Work in Sports
Last season the Vols showed they were good. Now they have to prove they believe it
Amid a torrent of criticism, Green quipped that his popularity had dropped from "where I could've been elected governor to where I couldn't get elected dogcatcher." Frustrated guard Tony Harris publicly questioned the Vols' heart, suggested that he was "too coachable" and said he thought about leaving Tennessee for the pros. Green chalked up the turbulence to the growing expectations being placed on a program that for years skulked in the shadow of the Lady Vols and their six national titles. "Building a team is as much a battle of the mind as of the body," Green says, "and sometimes you take two steps forward and one step back."
Tennessee's inconsistent 1998-99 results were due partly to the fickle jump shooting of the Vols' two starting guards, who combined to make just 38.6% of their shots from the field. Green will adjust by playing Harris more at the shooting guard spot and handing the point to transfer Jenis Grindstaff, who will distribute the ball better to slashing 6'9" forward Isiah Victor, a potential NBA lottery pick. C.J. Black, Charles Hathaway and Vincent Yarbrough are all capable of breakthrough seasons that would help compensate for the loss of guard Brandon Wharton, who led the Vols in scoring the last three seasons.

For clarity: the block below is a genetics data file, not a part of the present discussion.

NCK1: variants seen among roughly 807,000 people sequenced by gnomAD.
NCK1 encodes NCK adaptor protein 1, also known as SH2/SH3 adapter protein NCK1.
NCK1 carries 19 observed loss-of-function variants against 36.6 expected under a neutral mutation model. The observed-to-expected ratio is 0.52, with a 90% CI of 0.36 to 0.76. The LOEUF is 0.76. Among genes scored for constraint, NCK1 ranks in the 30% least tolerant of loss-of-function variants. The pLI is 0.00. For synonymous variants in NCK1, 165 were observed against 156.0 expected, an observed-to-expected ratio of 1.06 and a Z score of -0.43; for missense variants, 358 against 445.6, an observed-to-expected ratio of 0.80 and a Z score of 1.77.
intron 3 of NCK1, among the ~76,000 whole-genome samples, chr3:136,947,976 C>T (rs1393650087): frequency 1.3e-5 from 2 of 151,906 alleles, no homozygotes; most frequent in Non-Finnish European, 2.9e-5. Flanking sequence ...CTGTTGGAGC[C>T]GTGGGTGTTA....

Green's goals are to set a Tennessee single-season victory record by winning at least 23 games and to advance more than one round in the NCAA tournament for the first time ever. A rededicated Harris vows he won't allow this year's Vols to take a step back. "When I look up at all the championship banners in our gym, I think that time waits for no man," Harris says. "The Tennessee boys are ready to raise some banners of our own."
Issue date: November 15, 1999